The Cause of the Lutheran Confusion about Law and Gospel
by Pastor Riley's Blog
If, to quote Karl Barth again, “the Law stands beside the Gospel on the same footing, as a part of the selfsame eternal treasure,” then the juxtaposition, “on the same footing,” of obedience to the commandments and trust in the promise cannot possibly be avoided.
What this juxtaposition led to is clearly indicated in church history. The “obedience” of the Enthusiasts, who were not content, like “the placid flesh” in Wittenberg, “to chalk up their carousing to Christ’s charge” (that is, to put all their trust in the forgiving grace of God), but also wished to do something, eventuated in the carnage of the Peasants’ War and the “Kingdom of God” in Munster. The obedience to moral law, which the German Rationalists put “on the same footing” alongside their faith in God, ended in atheism and ethical nihilism.
Nor is it a secret any longer to what the “Social Gospel” (which is an offspring of the Calvinistic interpretation of the Gospel and of faith), and belief in the “Social Gospel,” will lead. If the Golden Rule constitutes the essential Gospel, and if the keeping of this Rule is Christianity, there is no longer any need for the Lamb of God who bears away the sin of the world.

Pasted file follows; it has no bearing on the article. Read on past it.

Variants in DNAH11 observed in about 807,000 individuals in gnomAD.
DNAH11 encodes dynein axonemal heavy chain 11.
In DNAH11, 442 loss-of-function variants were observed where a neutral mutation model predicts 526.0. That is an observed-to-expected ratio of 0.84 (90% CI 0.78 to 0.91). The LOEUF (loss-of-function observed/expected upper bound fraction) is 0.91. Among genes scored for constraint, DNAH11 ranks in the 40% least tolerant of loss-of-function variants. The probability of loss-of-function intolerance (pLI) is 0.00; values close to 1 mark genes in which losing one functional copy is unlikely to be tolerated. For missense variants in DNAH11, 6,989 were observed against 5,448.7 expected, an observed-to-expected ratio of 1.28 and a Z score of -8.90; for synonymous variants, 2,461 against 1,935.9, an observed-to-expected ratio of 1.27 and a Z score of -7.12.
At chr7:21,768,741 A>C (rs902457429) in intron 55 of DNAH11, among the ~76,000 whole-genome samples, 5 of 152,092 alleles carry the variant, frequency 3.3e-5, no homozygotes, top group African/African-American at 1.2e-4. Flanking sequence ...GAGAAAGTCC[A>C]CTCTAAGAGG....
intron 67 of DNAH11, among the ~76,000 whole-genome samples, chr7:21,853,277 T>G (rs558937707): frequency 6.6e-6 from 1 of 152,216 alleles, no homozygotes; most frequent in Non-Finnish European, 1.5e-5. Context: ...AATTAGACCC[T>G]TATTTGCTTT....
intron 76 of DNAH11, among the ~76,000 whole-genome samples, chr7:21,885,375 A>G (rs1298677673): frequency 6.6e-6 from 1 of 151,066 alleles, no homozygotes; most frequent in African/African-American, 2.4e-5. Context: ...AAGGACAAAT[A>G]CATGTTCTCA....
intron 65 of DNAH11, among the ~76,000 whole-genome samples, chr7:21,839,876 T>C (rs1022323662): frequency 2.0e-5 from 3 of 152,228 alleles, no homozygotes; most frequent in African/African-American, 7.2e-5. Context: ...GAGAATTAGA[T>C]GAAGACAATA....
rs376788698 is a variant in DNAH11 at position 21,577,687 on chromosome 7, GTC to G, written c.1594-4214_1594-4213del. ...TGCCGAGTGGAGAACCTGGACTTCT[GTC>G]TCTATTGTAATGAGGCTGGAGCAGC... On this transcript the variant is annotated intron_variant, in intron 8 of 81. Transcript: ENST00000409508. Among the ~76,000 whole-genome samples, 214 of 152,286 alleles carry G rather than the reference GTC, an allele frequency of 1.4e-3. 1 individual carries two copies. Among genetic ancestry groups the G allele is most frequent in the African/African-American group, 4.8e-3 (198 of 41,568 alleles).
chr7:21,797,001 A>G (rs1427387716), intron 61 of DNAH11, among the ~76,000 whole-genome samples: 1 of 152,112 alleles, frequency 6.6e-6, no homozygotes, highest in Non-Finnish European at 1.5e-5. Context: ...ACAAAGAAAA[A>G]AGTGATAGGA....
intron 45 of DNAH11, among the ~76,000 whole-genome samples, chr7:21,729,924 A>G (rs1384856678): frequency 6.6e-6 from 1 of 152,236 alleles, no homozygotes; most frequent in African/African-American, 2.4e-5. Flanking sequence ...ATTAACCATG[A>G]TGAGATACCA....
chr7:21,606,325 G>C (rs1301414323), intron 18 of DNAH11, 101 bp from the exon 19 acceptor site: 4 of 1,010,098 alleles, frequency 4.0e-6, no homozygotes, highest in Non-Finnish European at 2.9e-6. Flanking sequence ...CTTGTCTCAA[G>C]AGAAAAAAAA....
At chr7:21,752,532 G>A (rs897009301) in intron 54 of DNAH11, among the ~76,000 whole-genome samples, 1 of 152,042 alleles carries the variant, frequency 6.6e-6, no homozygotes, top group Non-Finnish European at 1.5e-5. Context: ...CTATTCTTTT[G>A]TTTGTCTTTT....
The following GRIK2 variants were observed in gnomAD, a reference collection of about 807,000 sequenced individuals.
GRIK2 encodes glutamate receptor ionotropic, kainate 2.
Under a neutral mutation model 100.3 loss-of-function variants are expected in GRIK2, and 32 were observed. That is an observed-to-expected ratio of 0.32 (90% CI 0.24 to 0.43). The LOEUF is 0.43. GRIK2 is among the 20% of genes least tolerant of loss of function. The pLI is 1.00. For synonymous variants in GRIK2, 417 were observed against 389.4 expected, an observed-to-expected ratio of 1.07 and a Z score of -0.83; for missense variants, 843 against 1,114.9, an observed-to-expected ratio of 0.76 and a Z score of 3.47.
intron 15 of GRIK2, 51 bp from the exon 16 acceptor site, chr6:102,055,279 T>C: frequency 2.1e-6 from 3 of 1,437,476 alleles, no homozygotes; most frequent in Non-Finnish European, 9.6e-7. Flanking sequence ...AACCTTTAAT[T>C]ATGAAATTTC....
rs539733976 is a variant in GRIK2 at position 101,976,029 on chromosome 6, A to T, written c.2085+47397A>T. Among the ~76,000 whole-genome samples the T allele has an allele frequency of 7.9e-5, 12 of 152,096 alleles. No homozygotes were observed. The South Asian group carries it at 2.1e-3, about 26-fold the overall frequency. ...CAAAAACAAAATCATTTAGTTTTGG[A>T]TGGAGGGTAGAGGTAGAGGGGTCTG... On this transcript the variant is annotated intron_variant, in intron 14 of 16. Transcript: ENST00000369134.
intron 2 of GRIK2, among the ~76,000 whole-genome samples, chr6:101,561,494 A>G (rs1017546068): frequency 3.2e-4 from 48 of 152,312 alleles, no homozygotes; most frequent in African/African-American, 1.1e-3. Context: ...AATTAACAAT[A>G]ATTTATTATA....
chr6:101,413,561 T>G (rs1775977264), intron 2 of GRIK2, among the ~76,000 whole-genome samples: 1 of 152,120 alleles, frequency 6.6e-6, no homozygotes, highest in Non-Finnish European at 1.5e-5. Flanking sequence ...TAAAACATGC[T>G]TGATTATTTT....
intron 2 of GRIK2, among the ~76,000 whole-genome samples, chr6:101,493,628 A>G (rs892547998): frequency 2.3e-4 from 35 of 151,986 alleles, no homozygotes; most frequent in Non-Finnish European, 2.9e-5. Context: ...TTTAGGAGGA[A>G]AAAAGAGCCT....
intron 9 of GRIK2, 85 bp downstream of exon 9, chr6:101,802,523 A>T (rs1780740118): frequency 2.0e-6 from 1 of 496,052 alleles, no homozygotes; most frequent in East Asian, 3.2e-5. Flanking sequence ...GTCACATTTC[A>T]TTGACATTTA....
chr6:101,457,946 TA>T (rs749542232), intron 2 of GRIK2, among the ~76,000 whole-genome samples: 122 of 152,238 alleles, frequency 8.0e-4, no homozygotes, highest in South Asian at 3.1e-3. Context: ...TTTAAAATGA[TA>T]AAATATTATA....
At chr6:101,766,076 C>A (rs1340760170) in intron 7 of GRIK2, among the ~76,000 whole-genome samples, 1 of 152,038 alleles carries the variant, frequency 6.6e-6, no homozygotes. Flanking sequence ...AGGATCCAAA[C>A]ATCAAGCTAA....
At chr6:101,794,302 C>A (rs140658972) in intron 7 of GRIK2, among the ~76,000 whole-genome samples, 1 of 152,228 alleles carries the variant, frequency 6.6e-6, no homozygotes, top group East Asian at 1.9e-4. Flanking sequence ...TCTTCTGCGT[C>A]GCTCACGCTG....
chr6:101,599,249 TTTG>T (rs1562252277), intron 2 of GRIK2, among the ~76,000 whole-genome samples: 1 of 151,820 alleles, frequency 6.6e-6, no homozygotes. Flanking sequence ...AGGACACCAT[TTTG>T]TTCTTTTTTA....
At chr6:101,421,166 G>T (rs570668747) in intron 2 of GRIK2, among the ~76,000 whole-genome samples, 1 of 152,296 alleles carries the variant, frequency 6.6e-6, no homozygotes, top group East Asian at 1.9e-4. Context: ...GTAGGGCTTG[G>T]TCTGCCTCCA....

In fact, we no longer need Christ even as a Lawgiver. For the Golden Rule is also known to the heathen: it is, as old Lutheran theology always insisted, a part of the law written in the hearts of all peoples. And the two-fold commandment to love God and fellowmen is familiar also to the Jews, for it is recorded in the Old Testament.
The tragic experience of modern Christianity, which has turned the Gospel into a system of morality, should influence all of us — both Lutherans and Reformed — to heed the admonition of the Formula of Concord which warns against a false conception of the Gospel whereby “the Gospel is again converted into a law, the merit of Christ and the Holy Scripture obscured, Christians robbed of true consolation, and the door opened again to the papacy.”
It must be conceded that the old Confession of our church indicated here, with prophetic insight, the symptoms of the grave disease which was later to afflict evangelical Christianity.
It would pay to to investigate carefully and discover whether it did not also point correctly to the cause of this disease. The cause would ultimately be found, not in the errors of Pietism and the Enlightenment, but in the fact that Luther’s understanding of the Gospel and of faith was obscured, as early as the sixteenth century, by a new confusion of Law and Gospel.
– Hermann Sasse, “Here We Stand,” pg. 131-133.